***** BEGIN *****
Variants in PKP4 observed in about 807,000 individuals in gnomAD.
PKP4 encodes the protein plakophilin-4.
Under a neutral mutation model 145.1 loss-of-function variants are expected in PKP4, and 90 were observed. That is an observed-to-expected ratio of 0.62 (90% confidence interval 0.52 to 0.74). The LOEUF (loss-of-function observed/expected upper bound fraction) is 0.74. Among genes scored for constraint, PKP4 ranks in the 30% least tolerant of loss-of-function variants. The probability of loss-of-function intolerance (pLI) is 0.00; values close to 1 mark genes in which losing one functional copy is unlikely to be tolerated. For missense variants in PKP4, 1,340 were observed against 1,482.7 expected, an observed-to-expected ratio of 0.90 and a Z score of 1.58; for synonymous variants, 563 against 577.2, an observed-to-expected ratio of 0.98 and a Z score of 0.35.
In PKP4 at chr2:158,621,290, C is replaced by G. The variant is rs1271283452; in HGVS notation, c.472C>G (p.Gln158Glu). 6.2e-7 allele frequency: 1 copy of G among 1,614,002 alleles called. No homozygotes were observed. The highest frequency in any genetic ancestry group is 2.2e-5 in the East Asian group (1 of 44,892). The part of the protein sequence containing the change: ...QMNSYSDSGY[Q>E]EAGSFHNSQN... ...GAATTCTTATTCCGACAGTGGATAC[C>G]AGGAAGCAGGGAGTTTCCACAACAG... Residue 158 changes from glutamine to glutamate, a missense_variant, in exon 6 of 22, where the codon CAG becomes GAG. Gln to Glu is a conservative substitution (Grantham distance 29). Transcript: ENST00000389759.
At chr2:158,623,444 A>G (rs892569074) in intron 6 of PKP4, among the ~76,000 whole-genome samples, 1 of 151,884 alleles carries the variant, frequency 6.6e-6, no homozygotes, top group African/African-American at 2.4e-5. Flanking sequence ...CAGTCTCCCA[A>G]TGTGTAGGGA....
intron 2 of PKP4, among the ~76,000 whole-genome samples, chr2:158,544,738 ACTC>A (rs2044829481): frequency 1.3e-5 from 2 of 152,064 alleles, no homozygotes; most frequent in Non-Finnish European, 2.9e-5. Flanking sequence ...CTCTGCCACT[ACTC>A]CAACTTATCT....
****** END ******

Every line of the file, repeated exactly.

Variants in PKP4 observed in about 807,000 individuals in gnomAD.
PKP4 encodes the protein plakophilin-4.
Under a neutral mutation model 145.1 loss-of-function variants are expected in PKP4, and 90 were observed. That is an observed-to-expected ratio of 0.62 (90% confidence interval 0.52 to 0.74). The LOEUF (loss-of-function observed/expected upper bound fraction) is 0.74. Among genes scored for constraint, PKP4 ranks in the 30% least tolerant of loss-of-function variants. The probability of loss-of-function intolerance (pLI) is 0.00; values close to 1 mark genes in which losing one functional copy is unlikely to be tolerated. For missense variants in PKP4, 1,340 were observed against 1,482.7 expected, an observed-to-expected ratio of 0.90 and a Z score of 1.58; for synonymous variants, 563 against 577.2, an observed-to-expected ratio of 0.98 and a Z score of 0.35.
In PKP4 at chr2:158,621,290, C is replaced by G. The variant is rs1271283452; in HGVS notation, c.472C>G (p.Gln158Glu). 6.2e-7 allele frequency: 1 copy of G among 1,614,002 alleles called. No homozygotes were observed. The highest frequency in any genetic ancestry group is 2.2e-5 in the East Asian group (1 of 44,892). The part of the protein sequence containing the change: ...QMNSYSDSGY[Q>E]EAGSFHNSQN... ...GAATTCTTATTCCGACAGTGGATAC[C>G]AGGAAGCAGGGAGTTTCCACAACAG... Residue 158 changes from glutamine to glutamate, a missense_variant, in exon 6 of 22, where the codon CAG becomes GAG. Gln to Glu is a conservative substitution (Grantham distance 29). Transcript: ENST00000389759.
At chr2:158,623,444 A>G (rs892569074) in intron 6 of PKP4, among the ~76,000 whole-genome samples, 1 of 151,884 alleles carries the variant, frequency 6.6e-6, no homozygotes, top group African/African-American at 2.4e-5. Flanking sequence ...CAGTCTCCCA[A>G]TGTGTAGGGA....
intron 2 of PKP4, among the ~76,000 whole-genome samples, chr2:158,544,738 ACTC>A (rs2044829481): frequency 1.3e-5 from 2 of 152,064 alleles, no homozygotes; most frequent in Non-Finnish European, 2.9e-5. Flanking sequence ...CTCTGCCACT[ACTC>A]CAACTTATCT....